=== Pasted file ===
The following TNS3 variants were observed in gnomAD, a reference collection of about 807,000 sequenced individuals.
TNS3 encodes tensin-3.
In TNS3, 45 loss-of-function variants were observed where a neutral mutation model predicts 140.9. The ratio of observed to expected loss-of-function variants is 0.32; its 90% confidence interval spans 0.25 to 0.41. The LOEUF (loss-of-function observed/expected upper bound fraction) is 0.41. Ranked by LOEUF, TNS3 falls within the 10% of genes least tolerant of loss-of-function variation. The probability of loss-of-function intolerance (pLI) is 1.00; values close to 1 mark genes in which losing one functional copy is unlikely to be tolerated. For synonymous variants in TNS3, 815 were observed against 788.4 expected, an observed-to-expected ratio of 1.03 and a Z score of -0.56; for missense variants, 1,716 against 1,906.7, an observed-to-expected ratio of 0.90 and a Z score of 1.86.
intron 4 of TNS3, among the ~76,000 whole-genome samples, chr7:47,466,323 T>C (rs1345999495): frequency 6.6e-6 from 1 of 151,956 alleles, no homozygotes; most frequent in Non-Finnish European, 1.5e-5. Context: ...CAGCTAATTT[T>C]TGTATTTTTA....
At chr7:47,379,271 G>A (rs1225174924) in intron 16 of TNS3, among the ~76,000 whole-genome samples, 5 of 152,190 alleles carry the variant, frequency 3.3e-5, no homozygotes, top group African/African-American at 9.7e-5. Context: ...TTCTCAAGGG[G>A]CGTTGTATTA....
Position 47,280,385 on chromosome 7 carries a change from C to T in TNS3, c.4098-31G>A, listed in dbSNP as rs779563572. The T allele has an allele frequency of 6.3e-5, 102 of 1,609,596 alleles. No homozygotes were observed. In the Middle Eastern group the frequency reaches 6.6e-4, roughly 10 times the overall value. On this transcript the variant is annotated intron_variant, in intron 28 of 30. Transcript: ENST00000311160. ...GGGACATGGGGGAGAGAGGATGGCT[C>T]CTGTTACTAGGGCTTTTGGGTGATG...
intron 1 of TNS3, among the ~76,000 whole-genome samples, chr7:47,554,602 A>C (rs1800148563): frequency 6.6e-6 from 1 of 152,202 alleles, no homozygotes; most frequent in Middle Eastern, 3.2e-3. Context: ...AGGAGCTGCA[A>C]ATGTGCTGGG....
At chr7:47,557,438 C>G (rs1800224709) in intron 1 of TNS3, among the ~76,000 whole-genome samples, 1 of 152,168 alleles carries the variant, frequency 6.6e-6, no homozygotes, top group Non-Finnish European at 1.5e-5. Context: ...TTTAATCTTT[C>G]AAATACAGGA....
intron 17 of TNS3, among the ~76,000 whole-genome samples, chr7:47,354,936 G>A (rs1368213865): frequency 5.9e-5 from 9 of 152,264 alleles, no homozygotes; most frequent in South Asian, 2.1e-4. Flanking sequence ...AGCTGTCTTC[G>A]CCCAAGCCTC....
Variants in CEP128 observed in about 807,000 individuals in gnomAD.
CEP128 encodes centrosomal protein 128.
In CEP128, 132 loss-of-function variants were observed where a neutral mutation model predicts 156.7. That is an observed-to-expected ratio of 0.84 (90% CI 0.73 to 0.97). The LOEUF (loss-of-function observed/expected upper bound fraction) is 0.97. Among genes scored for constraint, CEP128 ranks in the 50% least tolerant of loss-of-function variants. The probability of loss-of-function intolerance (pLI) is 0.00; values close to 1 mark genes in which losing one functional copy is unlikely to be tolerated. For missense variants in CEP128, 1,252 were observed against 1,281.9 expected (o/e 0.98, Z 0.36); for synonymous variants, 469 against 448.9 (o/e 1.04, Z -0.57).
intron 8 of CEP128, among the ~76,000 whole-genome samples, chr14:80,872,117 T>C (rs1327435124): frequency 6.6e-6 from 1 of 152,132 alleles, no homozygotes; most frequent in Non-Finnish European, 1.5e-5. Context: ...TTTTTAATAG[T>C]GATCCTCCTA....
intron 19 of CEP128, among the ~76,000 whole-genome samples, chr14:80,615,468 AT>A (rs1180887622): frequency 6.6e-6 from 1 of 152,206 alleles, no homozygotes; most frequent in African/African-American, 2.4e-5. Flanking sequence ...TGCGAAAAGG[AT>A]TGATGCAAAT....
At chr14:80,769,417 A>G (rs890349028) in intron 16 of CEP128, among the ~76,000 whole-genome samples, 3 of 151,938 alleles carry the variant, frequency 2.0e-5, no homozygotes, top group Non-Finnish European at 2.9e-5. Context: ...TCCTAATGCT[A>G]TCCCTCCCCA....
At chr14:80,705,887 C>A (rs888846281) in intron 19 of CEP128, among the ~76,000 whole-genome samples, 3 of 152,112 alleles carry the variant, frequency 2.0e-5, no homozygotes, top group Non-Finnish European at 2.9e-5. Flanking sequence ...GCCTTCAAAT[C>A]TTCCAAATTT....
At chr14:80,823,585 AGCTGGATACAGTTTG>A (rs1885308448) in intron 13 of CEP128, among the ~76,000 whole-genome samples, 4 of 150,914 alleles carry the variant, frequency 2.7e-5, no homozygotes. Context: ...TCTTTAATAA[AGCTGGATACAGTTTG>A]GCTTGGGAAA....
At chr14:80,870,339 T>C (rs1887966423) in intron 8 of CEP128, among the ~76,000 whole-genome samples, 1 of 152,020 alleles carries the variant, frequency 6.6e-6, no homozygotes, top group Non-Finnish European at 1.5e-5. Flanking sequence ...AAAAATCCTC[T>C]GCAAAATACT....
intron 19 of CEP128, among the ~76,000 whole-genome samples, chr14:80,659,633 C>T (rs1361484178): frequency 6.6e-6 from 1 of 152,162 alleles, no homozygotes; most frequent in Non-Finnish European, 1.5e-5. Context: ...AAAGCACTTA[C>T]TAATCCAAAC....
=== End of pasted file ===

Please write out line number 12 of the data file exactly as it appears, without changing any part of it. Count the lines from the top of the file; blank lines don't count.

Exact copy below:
In CEP128, 132 loss-of-function variants were observed where a neutral mutation model predicts 156.7. That is an observed-to-expected ratio of 0.84 (90% CI 0.73 to 0.97). The LOEUF (loss-of-function observed/expected upper bound fraction) is 0.97. Among genes scored for constraint, CEP128 ranks in the 50% least tolerant of loss-of-function variants. The probability of loss-of-function intolerance (pLI) is 0.00; values close to 1 mark genes in which losing one functional copy is unlikely to be tolerated. For missense variants in CEP128, 1,252 were observed against 1,281.9 expected (o/e 0.98, Z 0.36); for synonymous variants, 469 against 448.9 (o/e 1.04, Z -0.57).